The Internet has greatly cut down on the costs that have been attached to publishing for so long, one of the most important aspects of “mass amateurization.” Today anyone can go make a video (maybe on their phone), edit it in iMovie, and then upload it to Youtube, which can then be viewed by anyone with access to Youtube. The new age of the general public publishing their own content means that a lot more people that have views will actually voice their opinions, because it is so simple. There are a plethora of examples of “mass amateurization” today, but one that I particularly like is Etsy.com, a site that has become increasingly popular since its start in 2005. Etsy allows users to sell their handmade goods to consumers through the website. Their mission statement is something that I believe more people are beginning to value today.
“Our mission is to empower people to change the way the global economy works. We see a world in which very-very small businesses have much-much more sway in shaping the economy, local living economies are thriving everywhere, and people value authorship and provenance as much as price and convenience. We are bringing heart to commerce and making the world more fair, more sustainable, and more fun.”
Another example of “mass amateurization” is blogs about celebrity gossip, such as Dlisted, Perezhilton, TheFrisky, and Jezebel. These blogs, that say essentially the same things as the weekly celebrity tabloid magazines, and way more, are free to read, use no paper, and can be updated all the time, meaning the stream of gossip and information is never ending. Shirky explains it as, “the individual webblogs are not merely alternate sites of publishing; they are alternatives to publishing itself, in the sense of publishers as a minority and professional class (pg. 66)." I used to buy a tabloid magazine most times I went to the supermarket, but now I just rely on blogs to get my embarrassing celebrity information. I am not saying that blogs are ready to take over for all magazines yet, I still occasionally will buy a tabloid because I like, and miss, the familiarity of having the magazine to look at, and, I think, a lot of people still feel that way.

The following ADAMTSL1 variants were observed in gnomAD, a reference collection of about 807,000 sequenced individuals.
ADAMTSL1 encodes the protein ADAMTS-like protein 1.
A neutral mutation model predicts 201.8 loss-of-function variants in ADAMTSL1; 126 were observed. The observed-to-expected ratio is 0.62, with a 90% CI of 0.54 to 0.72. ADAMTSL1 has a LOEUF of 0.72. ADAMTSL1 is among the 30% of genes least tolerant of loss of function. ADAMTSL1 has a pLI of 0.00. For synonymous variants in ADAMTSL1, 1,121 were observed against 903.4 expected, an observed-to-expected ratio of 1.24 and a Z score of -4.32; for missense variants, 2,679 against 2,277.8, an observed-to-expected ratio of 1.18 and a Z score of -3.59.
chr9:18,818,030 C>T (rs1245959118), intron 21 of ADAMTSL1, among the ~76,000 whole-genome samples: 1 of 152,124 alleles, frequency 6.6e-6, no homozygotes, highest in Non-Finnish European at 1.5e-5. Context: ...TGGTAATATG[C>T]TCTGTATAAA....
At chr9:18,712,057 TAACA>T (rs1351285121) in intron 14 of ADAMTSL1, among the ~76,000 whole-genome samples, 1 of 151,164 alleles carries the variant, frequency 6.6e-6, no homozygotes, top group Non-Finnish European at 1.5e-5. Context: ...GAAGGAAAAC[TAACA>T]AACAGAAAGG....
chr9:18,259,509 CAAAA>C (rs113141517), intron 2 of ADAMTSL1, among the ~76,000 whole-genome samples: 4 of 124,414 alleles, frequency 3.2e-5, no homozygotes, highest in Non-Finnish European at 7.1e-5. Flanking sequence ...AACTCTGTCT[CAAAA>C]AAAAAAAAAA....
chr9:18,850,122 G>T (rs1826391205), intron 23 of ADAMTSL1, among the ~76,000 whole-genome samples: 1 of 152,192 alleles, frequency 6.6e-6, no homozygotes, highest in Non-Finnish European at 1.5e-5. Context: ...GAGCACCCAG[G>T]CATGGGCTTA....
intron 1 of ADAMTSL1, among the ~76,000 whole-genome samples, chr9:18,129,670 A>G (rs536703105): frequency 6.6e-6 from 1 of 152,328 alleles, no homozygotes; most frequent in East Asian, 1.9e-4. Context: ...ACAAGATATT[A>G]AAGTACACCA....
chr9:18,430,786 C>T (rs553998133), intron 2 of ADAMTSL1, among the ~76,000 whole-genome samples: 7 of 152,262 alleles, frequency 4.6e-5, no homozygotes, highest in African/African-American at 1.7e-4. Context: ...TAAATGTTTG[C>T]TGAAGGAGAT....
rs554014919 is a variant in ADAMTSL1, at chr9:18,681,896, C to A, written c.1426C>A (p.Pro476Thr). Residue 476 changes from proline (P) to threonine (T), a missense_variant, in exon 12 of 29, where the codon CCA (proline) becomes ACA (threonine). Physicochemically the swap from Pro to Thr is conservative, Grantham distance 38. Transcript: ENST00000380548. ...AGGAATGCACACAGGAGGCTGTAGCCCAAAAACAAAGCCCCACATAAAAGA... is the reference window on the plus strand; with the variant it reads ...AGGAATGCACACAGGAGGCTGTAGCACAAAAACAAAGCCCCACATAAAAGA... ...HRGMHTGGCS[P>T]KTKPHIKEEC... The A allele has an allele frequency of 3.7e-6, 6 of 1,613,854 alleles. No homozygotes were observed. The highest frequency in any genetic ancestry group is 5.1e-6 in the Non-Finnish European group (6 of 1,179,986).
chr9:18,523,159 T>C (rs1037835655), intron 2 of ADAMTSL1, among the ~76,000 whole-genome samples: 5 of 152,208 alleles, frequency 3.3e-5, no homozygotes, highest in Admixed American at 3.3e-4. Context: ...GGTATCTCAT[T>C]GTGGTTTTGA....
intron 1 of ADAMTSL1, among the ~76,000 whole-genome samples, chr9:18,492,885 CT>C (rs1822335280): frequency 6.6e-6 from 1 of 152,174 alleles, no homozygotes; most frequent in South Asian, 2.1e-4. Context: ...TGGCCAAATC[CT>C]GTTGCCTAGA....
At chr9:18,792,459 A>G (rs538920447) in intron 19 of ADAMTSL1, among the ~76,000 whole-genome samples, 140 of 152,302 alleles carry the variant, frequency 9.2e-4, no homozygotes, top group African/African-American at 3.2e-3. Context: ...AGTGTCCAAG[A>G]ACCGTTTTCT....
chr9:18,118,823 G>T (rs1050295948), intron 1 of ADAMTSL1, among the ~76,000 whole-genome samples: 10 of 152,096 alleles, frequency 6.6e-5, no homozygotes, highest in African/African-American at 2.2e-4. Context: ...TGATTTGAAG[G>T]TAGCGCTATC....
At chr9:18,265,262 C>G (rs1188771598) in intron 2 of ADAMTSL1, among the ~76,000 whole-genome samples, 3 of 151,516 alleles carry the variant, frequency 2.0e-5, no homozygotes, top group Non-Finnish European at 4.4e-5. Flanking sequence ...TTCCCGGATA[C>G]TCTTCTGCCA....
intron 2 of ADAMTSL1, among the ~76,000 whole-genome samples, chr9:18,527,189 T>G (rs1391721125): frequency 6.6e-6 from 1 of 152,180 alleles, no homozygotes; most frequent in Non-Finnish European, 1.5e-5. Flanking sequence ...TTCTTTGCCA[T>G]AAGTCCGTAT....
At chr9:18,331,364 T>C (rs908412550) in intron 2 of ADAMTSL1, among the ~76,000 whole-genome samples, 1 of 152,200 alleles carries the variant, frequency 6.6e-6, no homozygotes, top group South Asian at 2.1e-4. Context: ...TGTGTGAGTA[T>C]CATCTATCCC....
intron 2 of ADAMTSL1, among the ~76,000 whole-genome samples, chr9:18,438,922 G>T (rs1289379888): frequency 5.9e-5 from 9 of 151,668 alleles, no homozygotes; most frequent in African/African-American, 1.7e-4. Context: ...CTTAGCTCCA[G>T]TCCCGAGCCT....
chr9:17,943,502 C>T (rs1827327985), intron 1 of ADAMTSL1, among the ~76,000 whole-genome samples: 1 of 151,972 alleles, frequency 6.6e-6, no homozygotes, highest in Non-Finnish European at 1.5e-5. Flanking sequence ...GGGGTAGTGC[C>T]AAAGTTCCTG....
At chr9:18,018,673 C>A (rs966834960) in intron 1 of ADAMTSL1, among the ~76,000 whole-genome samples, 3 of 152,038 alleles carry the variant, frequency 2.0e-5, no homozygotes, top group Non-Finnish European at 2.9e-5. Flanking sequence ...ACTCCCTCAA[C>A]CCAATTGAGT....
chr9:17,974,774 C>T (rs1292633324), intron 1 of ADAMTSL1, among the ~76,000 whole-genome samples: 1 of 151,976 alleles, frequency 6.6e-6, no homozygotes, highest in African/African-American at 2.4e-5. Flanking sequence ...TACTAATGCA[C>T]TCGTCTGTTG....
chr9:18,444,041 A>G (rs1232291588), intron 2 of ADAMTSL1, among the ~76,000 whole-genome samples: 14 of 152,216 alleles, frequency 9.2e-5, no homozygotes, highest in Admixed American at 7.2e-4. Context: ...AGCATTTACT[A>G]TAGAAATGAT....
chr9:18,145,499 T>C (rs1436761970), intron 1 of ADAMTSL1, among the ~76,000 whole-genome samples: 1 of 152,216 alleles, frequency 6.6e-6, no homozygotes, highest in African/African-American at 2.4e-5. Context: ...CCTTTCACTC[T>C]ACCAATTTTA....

There will always be respect to people that are professionals in their fields. They will always be the people (in most cases) that graduated, or were specially trained in that field; there’s something there that makes them stand out from the rest, it could be their style of writing or their technique with photography. Although the line is now blurred where professionals start and amateurs begin, it still exists. The media now has to change to accommodate to their viewers for example, NPRhas many informative blogs available on their website that are written by professionals, but in an informal style. The blogs can be on a wide range of topics that can catch the interest of more readers than some of NPR's radio broadcasts, and it allows readers to comment on the story. The biggest difference I see occurring in the future for media professionals, besides less demand for them, will be media professionals listening to the public, because we will have more say in what’s important.
A lot is about to change and it’s exciting, but at the same time, there’s a chance that it could be chaotic, which has happened with new technology throughout history. Shirky explains “…because social effects lag behind technological ones by decades, real revolutions don’t involve an orderly transition…( pg. 68)." I don’t think that this new technology will create as large a change as the printing press, TVs will not become obsolete and people aren't throwing out their radios, but it will change some aspects of our culture. The London Riots could be looked at as the “social effects lag” to technology. I’m not fully educated in what caused the riots, but it is a way of rationalizing it.
Sources: Shirky, Clay. "Everyone Is a Media Outlet." Here Comes Everybody: the Power of Organizing without Organizations. New York: Penguin, 2008. 55-80.